Kevin was the president of entertainment at F x Onyx advice. He watched some of the British office and he liked it. It was a perfect Davik show cause the office was a little dark and it had a very different format. And Effect's was known for doing some daring, even experimental shows.
It's Tuesday on an old shield Rescue Me and fixed digital series.
And this would have fit right in. But there was a hitch.
My contract was up. I was in the middle of a lot of negotiations. And it looked like I'm going back to NBC at this point. And NBC. Well, that was your good old fashioned broadcast network television. In other words, much less likely to take a risk on something so unusual.
But Kevin gets named head of NBC and I bring it up to him and I say, would you want to do it here? And Kevin says, Absolutely little did he know he was actually my only buyer. By that time, he was the only one who wanted everyone in all of television.
Everyone else had passed and now it's been almost 20 years. So I think Kevin should know Ben's secret now. Were you aware Ben shared this with me? Yeah. That at the time you were his only buyer?
I am not surprised. But of course, I'm Jared. Ben's way had me believe. I think I can get it to you. I'm going to do my best, buddy. I am covering you here. I mean, it's kicking a lot of it right now. Anyone in the broadcast seats were at that time would say no way.
Right. And cable there, you know, SFX was maybe one of the few outside of the premium HBO that would maybe would have done that kind of material. So there really weren't a lot of buyers.
Right. Let's examine this for a second. If Kevin Riley in that moment changed his mind, said, nope, not too big a risk for broadcast. Our version of the office might have never existed. But instead, Kevin decides to take a chance and he gives Ben his pilot. Kevin's like, let's do it. Like, let's let's make it.
OK, so NBC has given the office a pilot. Amazing. And although Ben found the show, he's not a show runner. The person who basically creates an overseas a television show. Ben needs a partner. Now, given that there were not a lot of TV shows like this, it was hard to envision who would be a perfect fit for the job. Like, do you go for the guy who made Curb Your Enthusiasm?
But the. Pretty good. Which was sort of the closest parallel. Or do you go outside the box? Ben set meetings with lots of people. And then he sat down with Greg Daniels. Well. So I had just kind of come off a very intense maybe eight years at King of the Hill, an F in English.
Bobby, you speak English.
Before that, Greg had written for, oh, just The Simpsons.
I got to have my soul back. I'll do anything you want. Well, Milhouse, give him back his soul.
I've got work tomorrow. And before that, he was a writer on another little show.
Girls do like.
But in 2002, after a long stint as show runner on King of the Hill, I started to kind of look for the next thing.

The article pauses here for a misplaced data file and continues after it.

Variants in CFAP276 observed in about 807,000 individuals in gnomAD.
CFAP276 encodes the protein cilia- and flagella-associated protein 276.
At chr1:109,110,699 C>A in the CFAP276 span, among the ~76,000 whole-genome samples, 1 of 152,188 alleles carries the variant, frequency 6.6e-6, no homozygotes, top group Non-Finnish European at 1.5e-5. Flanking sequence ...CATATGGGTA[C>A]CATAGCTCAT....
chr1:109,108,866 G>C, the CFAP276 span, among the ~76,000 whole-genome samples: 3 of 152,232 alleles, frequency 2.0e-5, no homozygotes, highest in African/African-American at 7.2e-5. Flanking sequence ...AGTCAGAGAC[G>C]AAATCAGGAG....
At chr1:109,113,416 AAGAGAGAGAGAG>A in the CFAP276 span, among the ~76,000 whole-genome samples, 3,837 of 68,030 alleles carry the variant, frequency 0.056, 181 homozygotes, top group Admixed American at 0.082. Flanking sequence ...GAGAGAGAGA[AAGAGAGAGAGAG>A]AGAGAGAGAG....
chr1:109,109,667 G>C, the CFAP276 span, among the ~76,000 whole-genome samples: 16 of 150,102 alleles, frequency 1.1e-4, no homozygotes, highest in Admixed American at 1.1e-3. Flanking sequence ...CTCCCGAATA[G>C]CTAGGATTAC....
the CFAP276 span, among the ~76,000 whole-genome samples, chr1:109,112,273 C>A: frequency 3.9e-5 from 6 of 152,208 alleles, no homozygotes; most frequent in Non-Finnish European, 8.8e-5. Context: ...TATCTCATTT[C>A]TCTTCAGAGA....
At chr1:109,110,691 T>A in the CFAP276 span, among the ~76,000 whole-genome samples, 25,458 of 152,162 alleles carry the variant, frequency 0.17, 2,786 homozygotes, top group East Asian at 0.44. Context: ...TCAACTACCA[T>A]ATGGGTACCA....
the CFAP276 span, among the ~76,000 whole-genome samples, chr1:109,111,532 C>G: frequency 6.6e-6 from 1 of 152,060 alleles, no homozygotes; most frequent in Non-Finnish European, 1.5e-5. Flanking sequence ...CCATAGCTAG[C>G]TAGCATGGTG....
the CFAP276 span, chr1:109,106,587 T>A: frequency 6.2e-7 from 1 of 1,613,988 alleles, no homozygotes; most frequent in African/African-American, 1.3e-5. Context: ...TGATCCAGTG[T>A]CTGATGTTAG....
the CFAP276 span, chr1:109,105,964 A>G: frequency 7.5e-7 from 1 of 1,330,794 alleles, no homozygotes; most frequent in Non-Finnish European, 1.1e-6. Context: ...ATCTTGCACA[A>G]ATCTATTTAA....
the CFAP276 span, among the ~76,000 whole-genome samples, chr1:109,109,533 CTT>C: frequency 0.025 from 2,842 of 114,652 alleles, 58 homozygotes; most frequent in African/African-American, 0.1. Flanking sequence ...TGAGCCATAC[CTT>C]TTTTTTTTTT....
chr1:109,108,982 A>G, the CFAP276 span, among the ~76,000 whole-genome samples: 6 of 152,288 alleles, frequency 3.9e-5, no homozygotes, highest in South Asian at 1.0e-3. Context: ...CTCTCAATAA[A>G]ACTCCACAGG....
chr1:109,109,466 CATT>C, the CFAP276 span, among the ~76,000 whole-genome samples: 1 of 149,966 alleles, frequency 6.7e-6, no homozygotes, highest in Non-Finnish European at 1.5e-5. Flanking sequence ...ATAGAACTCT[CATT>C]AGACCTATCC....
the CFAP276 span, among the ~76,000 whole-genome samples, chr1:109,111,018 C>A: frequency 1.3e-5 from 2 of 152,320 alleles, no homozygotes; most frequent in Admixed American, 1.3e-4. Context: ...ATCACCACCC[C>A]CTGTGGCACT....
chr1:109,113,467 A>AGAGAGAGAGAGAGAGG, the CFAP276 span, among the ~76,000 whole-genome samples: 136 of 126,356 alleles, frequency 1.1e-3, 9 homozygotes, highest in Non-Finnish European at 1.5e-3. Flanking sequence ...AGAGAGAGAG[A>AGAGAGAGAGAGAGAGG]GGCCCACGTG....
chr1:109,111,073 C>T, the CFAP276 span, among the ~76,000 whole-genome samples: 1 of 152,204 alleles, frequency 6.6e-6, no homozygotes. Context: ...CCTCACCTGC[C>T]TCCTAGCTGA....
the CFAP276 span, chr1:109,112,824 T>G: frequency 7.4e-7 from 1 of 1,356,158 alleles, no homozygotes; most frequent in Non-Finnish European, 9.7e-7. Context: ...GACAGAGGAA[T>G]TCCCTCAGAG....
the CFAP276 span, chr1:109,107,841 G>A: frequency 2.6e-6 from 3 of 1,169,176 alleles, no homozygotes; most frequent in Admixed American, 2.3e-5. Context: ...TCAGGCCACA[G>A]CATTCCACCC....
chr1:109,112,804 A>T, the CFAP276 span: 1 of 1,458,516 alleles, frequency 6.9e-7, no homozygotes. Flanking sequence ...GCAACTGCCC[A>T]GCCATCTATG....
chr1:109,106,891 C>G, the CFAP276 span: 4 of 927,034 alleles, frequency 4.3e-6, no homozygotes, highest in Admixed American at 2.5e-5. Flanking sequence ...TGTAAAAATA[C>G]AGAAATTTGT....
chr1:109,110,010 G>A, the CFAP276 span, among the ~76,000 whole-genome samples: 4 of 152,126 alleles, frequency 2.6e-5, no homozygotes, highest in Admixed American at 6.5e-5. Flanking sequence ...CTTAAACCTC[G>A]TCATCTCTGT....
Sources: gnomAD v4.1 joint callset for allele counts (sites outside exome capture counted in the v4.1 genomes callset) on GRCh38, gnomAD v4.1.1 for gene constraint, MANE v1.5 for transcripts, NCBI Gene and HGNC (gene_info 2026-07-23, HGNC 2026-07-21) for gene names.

And my agent, R. Emmanuel, sent me a VHS cassette and said the office on it. And the show was completely unknown and I didn't watch it. And he called me like after the holidays and he said, hey, I'm going to, you know, send this to the next guy on my list. If you don't watch it. So I said, all right. All right, hold on. I'll try and watch it tonight.
So I PopTech set in like at 9:00 p.m. or something.
And I stayed up to one watching the show and I absolutely loved it. I thought it was amazing and I couldn't even figure out how it was done. You know, it was it didn't feel like scripted. It was so alive and cool.
So Greg called his agent back, who then put him in touch with Ben.
I immediately connected with Greg. You know, I just felt his genius and his thoughtfulness in real rigorous approach. Ben is like, you know, Mercury zooms in and but also very able to draw pieces in from all over the place and make a coherent vision.
The experience that we both had in connecting on this show was like about the architecture of television and the architecture of the idea, because so much about it was newly conceived. But we kept talking about with a shared love of television. We were not. We were people who love TV and we grew up loving TV.
Did you have any concerns with Greg about his extensive experience in the animated world? Partially. Why? It was not a concern for me that he had been so weighted in animation was the characters that he had created in those animated worlds were very accessible and real in a way that the characters in the office were.
These are medium rare. What if somebody wants heirs will die? We ask them politely, yet firmly to leave.
You know, when I got to The Simpsons, it was season, the end of season four. And the show was getting a little wylder, kind of. And for King of the Hill, I wanted to keep it contained and realistic the whole time. And I was very much of the opinion. And Jeff, to really start slow on the show and just the value of slowness to land the job, Greg needed the blessing of Ricky Dervaes and Stephen Merchant.